The Water’s Edge at Giovanni’s is known for being a great place to hold meetings, banquets and weddings, but it also has a walk-in restaurant, Giovanni’s, which comes with the inviting tagline “A Serious Steakhouse.” The décor is serious indeed, outfitted to look like an old-style gentleman’s club, with wood paneling and shelves filled with big, leather-bound books. This is a quiet restaurant with thick carpets and tables spaced comfortably apart.
A big tank of live lobsters is the first thing you’ll see when you enter Giovanni’s, which specializes in steak, seafood and Italian food. This is the place for people who like their food cooked without a lot of fanfare, and those (like me) who are grateful there is enough light to read the menu.
Come hungry. There are two “complete dinner” specials ($50.95 and $40.95) that will get you garlic bread, appetizer, garden salad, and an entrée—big portions of select cuts of meat and fish—with a baked potato and vegetable of the day. And dessert, too.
To enjoy the spread, hold back on the garlic bread, soft and warm and dripping in garlicky butter. There’s a lot more food to come. Even men with big appetites will take home a doggy bag.
From the starters, we ordered oysters on the half shell. The fresh, local, briny blue points glistened, served with a wedge of lemon and red cocktail sauce. We squirted on a little lemon and reveled. The fried calamari came in large, tender rings. Clams casino, with its topping of bacon and cheese, was traditionally salty.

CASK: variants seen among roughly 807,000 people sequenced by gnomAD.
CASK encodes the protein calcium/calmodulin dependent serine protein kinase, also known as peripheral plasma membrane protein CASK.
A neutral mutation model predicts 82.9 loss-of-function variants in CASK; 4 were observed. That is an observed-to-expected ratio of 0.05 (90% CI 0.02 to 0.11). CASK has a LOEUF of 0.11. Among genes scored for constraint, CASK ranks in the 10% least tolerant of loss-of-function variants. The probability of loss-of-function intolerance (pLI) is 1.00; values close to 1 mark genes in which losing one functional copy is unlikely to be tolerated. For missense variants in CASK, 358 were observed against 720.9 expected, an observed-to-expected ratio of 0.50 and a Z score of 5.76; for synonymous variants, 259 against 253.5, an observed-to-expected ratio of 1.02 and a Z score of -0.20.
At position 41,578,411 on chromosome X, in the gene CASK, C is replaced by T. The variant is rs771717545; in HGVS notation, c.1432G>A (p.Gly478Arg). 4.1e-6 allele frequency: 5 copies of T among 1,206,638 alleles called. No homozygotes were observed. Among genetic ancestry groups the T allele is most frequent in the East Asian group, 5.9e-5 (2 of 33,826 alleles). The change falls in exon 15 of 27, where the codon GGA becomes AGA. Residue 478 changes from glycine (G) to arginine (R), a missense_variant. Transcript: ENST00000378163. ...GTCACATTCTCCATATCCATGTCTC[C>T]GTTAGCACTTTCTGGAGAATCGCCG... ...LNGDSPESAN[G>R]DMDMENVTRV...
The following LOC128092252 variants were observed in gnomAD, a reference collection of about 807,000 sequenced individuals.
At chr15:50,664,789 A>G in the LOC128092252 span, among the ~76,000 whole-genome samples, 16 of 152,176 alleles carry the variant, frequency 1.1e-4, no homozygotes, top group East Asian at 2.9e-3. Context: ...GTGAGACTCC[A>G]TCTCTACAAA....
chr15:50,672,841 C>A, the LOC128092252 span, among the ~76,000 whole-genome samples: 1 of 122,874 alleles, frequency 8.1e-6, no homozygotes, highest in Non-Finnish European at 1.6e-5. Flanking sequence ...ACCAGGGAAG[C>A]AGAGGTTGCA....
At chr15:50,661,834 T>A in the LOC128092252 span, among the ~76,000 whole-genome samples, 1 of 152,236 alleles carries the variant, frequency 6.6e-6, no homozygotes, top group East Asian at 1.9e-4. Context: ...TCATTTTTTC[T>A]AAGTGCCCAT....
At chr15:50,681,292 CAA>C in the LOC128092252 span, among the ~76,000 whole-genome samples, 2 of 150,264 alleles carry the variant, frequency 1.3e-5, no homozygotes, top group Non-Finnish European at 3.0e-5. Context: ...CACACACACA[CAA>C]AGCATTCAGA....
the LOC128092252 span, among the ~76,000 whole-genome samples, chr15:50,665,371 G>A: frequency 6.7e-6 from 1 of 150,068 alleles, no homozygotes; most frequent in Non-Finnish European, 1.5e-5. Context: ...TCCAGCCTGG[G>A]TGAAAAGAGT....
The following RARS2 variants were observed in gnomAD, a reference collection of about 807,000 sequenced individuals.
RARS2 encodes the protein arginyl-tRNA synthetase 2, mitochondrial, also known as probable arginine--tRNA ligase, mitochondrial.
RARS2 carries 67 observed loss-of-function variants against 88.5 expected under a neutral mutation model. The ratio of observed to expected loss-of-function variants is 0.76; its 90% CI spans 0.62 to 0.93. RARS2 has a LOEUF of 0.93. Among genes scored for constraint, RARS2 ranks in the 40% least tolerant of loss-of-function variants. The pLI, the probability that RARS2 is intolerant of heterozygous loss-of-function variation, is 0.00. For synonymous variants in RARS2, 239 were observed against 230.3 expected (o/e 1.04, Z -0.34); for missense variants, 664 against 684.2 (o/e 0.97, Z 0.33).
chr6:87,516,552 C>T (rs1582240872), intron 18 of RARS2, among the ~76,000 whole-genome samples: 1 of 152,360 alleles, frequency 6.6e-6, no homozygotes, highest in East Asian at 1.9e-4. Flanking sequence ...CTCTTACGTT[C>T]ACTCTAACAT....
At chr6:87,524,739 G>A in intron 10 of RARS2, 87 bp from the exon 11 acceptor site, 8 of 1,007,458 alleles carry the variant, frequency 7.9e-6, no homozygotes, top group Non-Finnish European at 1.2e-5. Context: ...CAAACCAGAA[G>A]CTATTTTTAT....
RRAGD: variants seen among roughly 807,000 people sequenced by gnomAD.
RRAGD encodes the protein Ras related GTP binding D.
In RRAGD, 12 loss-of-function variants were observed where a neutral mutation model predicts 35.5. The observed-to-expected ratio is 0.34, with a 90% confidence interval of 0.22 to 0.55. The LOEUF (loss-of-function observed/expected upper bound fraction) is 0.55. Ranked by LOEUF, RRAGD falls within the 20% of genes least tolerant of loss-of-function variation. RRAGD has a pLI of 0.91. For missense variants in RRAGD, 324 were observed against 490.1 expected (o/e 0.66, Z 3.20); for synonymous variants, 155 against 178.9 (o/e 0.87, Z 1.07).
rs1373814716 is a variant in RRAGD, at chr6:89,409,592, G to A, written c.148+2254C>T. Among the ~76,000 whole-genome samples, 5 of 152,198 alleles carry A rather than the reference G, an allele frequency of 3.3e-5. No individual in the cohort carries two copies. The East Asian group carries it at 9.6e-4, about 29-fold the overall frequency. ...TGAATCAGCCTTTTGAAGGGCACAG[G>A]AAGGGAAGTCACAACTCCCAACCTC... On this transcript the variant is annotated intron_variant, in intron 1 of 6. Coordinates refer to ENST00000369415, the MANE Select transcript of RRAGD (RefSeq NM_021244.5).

Salads are offered with a long list of dressings to please all. I was pleased that instead of the ubiquitous creamy gorgonzola, the dressing was a crumbly version, providing an interesting textural contrast to the crispy greens.
From the $40.95 menu, my husband chose the porterhouse, that great bone-in cut that includes the flavorful top loin and the ultra-tender tenderloin. The waiter placed a big steak, cooked just as requested, medium rare, before him. The accompanying bowl of thin onion rings was crunchy and salty. The baked potato, with its tubs of butter and sour cream, was a flashback to carefree days, and it seemed only right to indulge.
Chateaubriand, a boneless steak cut from the center of the tenderloin, was as tender as butter and, once again, cooked exactly to order. A pile of mushrooms covered it. Fewer, and a greater mix of mushroom varieties, would make for a more elegant topping to this special steak.
From the regular menu, we tried shrimp scampi. These were butterflied and tender, and the simplicity of the traditional garlic, oil and butter sauce was gilded with a creamy overlay, making the dish too rich and not letting the shrimp sing.
The three of us shared the two desserts that came with the meals. The large portion of tiramisu was light and fluffy. The lemon sorbet, on the other hand, was intensely lemony and syrupy sweet. After coffee and tea, with our bellies full of rich food, we yawned, picked up our doggie bags and slowly made our way home.